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Greatest vs. greatest?
Defending champion and world No. 1 Rafael Nadal, the best clay-court player in history, arguably the best player of his generation, and Roger Federer, considered by many to be the greatest player of all time, headline the Wimbledon marquee. They have met three times at Wimbledon -- always in the final. Federer won the first two of those meetings, in four sets in 2006 and in five sets a year later. Nadal was the victor in the legendary 2008 final, prevailing 9-7 in the fifth set as darkness fell. The pair could potentially meet in a fourth Wimbledon final this year, as the top-seeded Nadal and No. 3 seed Federer are on opposite sides of the draw.
Nadal, who defeated Tomas Berdych in straight sets last year to win his second Wimbledon title, is fresh from a victory over Federer in the French Open final. The Spaniard's triumph in Paris gave him the sixth Roland Garros trophy and the 10th Grand Slam title of his career. Nadal, 25, seeks his fifth title in the past six Slams -- an incredible run dating back to last year's French Open -- but he has a tough draw: he could face dangerous Argentine Juan Martin del Potro in the third round.
Federer is seeking his seventh Wimbledon championship, which would tie the record for owning the most men's titles in history. The mark is currently shared by William Renshaw (doesn't ring a bell? He played during the 1880s) and Pete Sampras. Although Federer, 29, has not won a major since the 2010 Australian Open, the Swiss magician's genius is most evident on grass, and his quest for a 17th Grand Slam singles title should be aided by his fairly gentle draw.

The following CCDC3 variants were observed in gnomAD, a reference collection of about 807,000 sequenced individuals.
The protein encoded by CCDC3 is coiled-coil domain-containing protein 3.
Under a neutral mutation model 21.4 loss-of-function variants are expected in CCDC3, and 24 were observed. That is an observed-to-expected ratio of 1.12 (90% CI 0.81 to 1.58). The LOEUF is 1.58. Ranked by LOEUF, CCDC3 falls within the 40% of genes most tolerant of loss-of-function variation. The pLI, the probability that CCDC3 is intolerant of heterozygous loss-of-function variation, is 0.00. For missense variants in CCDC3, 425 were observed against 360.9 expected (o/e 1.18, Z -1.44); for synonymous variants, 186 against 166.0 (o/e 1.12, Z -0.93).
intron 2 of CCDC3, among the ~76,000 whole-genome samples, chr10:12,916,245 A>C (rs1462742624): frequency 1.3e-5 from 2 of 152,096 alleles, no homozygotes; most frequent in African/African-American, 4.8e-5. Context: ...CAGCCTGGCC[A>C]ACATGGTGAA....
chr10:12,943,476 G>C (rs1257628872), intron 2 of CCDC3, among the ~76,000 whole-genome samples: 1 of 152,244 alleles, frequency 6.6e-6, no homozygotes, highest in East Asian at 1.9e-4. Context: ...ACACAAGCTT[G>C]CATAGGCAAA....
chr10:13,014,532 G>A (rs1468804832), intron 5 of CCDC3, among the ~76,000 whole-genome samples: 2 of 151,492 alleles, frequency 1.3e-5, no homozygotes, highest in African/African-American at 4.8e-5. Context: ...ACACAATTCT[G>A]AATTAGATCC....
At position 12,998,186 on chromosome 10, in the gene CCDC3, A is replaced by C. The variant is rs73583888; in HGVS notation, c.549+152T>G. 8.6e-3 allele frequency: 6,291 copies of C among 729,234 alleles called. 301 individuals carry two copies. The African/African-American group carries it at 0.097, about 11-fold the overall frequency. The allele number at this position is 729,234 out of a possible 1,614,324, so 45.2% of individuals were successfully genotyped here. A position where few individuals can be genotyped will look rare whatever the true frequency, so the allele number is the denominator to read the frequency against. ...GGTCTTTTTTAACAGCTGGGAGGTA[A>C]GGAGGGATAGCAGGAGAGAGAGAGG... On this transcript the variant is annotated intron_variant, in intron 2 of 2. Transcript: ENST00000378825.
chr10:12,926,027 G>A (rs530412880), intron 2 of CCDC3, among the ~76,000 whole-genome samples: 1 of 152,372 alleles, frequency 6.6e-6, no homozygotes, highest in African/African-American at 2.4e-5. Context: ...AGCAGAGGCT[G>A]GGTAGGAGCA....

Djokovic aiming for title
The No. 2-ranked Novak Djokovic won 41 consecutive matches to open his 2011 campaign. The stellar run included four victories over Nadal, three victories over Federer, plus a second career Australian Open title. But while the 24-year-old Serb is fitter than he's ever been, grass is his worst surface. The two-time Wimbledon semifinalist might have to beat Robin Soderling in the quarters and Federer in the semis to reach his first final.
Murray mania runs wild again
The long-suffering Brits are like the Cubs fans: they've endured seeing that no man from the United Kingdom has claimed a Grand Slam singles title since Englishman Fred Perry won Wimbledon in 1936. The supremely talented Andy Murray is expected to end that drought, but he has yet to win a major. The sometimes surly Scotsman, now 24, is 0-3 in Grand Slam finals, without winning a single set. Murray won Queen's Club, the grass court tune-up, and is playing his best tennis entering Wimbledon. But the No. 4 seed might have to go through Nadal to get to the final, and there's the question of whether the voracious home crowd support will prove to be a benefit, or a liability.
Juan to watch
It's not easy for a 6-foot-6 player to sneak by unnoticed, but under-the-radar Juan Martin del Potro is lurking as a dangerous potential fourth-round opponent for Nadal. The lanky Argentine with the lethal forehand upset five-time defending champ Federer to win the 2009 U.S. Open. Del Potro then reached a career-high ranking of No. 4, before right wrist surgery prematurely ended his 2010 season. Del Potro, 22, now recovered and ranked No. 22 in the world, is a good sleeper pick.
A tall tale
Last year's 11-hour, 183-game first-rounder between American John Isner and Frenchman Nicolas Mahut, which Isner won 70-68 in the fifth set, made tennis history. It took three days to complete. Incredibly, this year the pair drew each other once again in the first round. Assuming he can get past Mahut in fewer than three days, the 6-foot-9 Isner has the game to make a run at the second week. The North Carolina native and former University of Georgia star, currently ranked No. 46 in the world, pushed Nadal to five sets in the first round of this year's French Open.